5/18/2015

1951 Martin 0-18 Flattop Guitar




This is a customer's instrument in for consignment -- and what killer tone it has! It's obviously been loved and played-in well over the years, but for all of that it came to me in pretty good shape. My work was only to cleat a small 3" hairline crack on the lower bout, level and dress the frets, reshape the saddle, and set it up. It's now playing perfectly and strung with a set of 12s.

My experience with old Martins is that if you want added clarity and top-end snap and projection, look for a clean one. If you want thicker mids and a congealed low-end, look for one that's been played-in like crazy (for example, this one). To me, a guitar like this is a "Gibson player's Martin" as it has the shorter 24.9" scale, medium C/V neck shape, and those deliciously chocolate-sounding mids. It records so, so easily.



Don't oyu love the wear patterns? Pick-wear all around the guard, light arm-discoloration on the bass lower bout, and general use-wear scritchy-scratchy.


The rosewood headstock veneer looks great... as does the original bone nut.



This guitar has its original glued-in saddle. I had to very, very lightly shave around the saddle area of the bridge as I didn't want to pull the saddle out to reshape it and compensate it for proper action. I also cleaned up the already worn-in "string ramps" and added new ebony pins all-around (there were junky plastic ones on it).



There are a few of these strange "washboard" lines in the top upper bout. They're not cracks... just indentations.



This is the only top crack -- a 3" one and tight -- that I've cleated up. No worries.



The mahogany back is crack-free but does show lots of playwear!

When this came in there were a number of tiny little white paint specs here and there. I've managed to remove most of them but a few are still around as I didn't want to have to muck up the finish a whole bunch trying to nab them. They're impossible to see in the photos.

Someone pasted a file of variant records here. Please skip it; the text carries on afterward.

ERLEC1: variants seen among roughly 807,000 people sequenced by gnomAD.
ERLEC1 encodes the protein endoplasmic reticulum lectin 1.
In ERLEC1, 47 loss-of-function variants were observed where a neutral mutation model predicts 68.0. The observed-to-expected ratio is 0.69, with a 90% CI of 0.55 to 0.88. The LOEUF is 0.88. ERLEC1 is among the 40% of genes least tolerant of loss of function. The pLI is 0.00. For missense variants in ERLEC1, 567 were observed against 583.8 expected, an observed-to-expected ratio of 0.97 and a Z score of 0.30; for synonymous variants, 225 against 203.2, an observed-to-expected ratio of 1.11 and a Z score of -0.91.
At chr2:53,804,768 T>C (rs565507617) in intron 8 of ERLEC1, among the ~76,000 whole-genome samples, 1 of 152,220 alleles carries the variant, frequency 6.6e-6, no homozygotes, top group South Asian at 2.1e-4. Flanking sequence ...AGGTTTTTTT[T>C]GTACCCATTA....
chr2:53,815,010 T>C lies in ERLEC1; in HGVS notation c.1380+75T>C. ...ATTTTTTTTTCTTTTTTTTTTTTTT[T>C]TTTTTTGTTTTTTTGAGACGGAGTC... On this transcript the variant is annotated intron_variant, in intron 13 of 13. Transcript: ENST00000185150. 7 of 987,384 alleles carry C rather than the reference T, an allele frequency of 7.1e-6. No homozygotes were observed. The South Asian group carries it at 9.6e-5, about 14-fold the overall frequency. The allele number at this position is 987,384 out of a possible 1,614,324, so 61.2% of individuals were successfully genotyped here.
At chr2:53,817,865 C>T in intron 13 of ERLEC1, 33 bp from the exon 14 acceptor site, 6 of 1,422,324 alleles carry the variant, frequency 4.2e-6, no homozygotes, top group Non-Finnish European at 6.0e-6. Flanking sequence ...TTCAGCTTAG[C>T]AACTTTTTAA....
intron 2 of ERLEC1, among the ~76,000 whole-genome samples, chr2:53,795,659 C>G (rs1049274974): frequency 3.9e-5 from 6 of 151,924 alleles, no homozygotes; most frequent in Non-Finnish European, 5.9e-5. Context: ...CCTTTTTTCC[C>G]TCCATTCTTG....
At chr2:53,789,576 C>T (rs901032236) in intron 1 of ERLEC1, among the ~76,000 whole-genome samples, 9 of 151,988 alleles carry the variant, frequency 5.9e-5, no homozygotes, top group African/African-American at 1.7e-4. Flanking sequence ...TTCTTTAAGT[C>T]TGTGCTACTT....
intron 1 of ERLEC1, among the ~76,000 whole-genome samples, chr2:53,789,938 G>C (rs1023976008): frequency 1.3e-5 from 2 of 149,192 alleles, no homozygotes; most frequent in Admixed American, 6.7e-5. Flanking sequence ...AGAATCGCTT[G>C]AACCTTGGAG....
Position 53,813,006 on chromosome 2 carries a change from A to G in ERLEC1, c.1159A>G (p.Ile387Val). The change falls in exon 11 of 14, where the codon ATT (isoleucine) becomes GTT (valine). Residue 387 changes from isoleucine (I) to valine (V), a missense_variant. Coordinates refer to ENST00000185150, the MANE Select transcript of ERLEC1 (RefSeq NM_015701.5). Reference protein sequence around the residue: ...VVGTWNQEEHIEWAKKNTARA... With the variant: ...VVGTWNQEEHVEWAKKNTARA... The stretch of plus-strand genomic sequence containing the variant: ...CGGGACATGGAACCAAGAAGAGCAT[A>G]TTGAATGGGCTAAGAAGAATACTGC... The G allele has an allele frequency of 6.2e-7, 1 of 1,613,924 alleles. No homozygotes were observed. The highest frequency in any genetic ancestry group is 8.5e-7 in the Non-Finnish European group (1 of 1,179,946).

So... the story goes that these tuners were added by the original owner a few years after purchase. That makes sense -- they're the right type for the time -- and maybe the owner liked Grovers better than Klusons.

They're certainly slightly sturdier tuners than those original large-plate Klusons and these would cost a bunch bought separately from the guitar -- $150-200 for a set!





Both sides at the waist/lower bout swell area have a few small hairline cracks. They're all tight and glue-impregnated and I have no fears for them as Martin (thankfully) adds all that cloth reinforcement lining to their sides and they're not budging because of it. The worst lot is this stretch of 1, 2, and 3" ones on the bass side.




...and here are a few 1" and 2" hairlines on the treble side. Also good to go.


I added an ebony endpin to fill the empty endpin hole.


A nice Boulder gigbag comes along for the ride.

8 comments:

Anonymous said...

Nice guitar! Are you selling this and if so, what would you value it at?

Anonymous said...

Any one here?

Jake Wildwood said...

Already sold, sorry.

Bret Reinelt said...
This comment has been removed by the author.
Jake Wildwood said...

Of course you would! But then again, I'm not in the business of appraisals.

Anonymous said...

He didn't even come close to asking for an appraisal. What's with you?

Jake Wildwood said...

I get phone calls all day long for people pinging about the value of their instruments. It gets tiring.

Jake Wildwood said...

I didn't mean any offense with my response: the net is neutral with moods. There are so many factors going into what an instrument's value is that I simply can't tell someone over the phone or the net what something is worth. It's just not possible to be accurate.